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STUDY: Women who feel stressed on a day-to-day basis are more likely to die
JOURNAL: Circulation 2002;106
AUTHORS: Dr. Hiroyaso Iso
ABSTRACT: Women who feel stressed on a day-to-day basis are more likely to die from stroke and heart disease than their more mellow peers, even when they do not have other risk factors, researchers report.
COMMENTARY: The results are based on data from more than 73,000 people aged 40 to 79 enrolled in a Japanese study on cancer. The findings confirm the results of numerous studies on the relationship between mental stress and heart disease and stroke among white men. In the current report, participants were asked to rate the level of stress in their daily lives.
According to the results, Japanese women reporting high levels of mental stress were more than twice as likely to die from stroke and heart disease than women reporting low stress levels, over the following 8 years.
Stressed-out women were on average younger, more educated, less active and thinner, and were more likely to have a history of high blood pressure and diabetes. They also smoked more and were more likely to have a full-time job compared with more relaxed women, according to Dr. Hiroyaso Iso from the University of Tsukuba in Ibaraki-ken, Japan, and colleagues.
The association between mental stress and death from heart disease and stroke was weaker among men for reasons that are not clear. Stressed out men were more likely to die of a heart attack, but there was no association between stress and stroke or coronary heart disease, Iso and colleagues report.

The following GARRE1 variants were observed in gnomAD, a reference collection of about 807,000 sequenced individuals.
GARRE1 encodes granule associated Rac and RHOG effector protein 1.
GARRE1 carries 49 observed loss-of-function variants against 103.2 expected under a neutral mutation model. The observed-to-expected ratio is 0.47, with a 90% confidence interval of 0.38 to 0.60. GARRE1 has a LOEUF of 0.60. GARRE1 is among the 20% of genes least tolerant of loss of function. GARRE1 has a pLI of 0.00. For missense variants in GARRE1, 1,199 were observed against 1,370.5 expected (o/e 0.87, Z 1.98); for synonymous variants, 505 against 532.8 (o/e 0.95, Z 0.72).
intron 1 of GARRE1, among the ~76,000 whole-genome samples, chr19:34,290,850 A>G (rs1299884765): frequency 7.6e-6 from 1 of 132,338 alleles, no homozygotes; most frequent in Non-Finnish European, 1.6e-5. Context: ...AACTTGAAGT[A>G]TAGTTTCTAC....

Nonetheless, the findings add evidence that stress can affect the body in a way that raises the risk of chronic disease. Mental stress can raise blood pressure and heart rate, increase the risk of developing blood clots, cause blood vessels to constrict, and make the body less sensitive to insulin. All of these factors may make a person more susceptible to chronic disease.
The present study provides...evidence that perceived mental stress has the potential effect of increasing the risk of stroke and coronary heart disease.
Although the underlying mechanisms are not well established, individuals with high mental stress should be regarded as a high-risk group for stroke among women, and individuals with coronary heart disease should be regarded as a high-risk group for stroke among men and women.
Bottom line is to do everything in your power to reduce your levels of stress.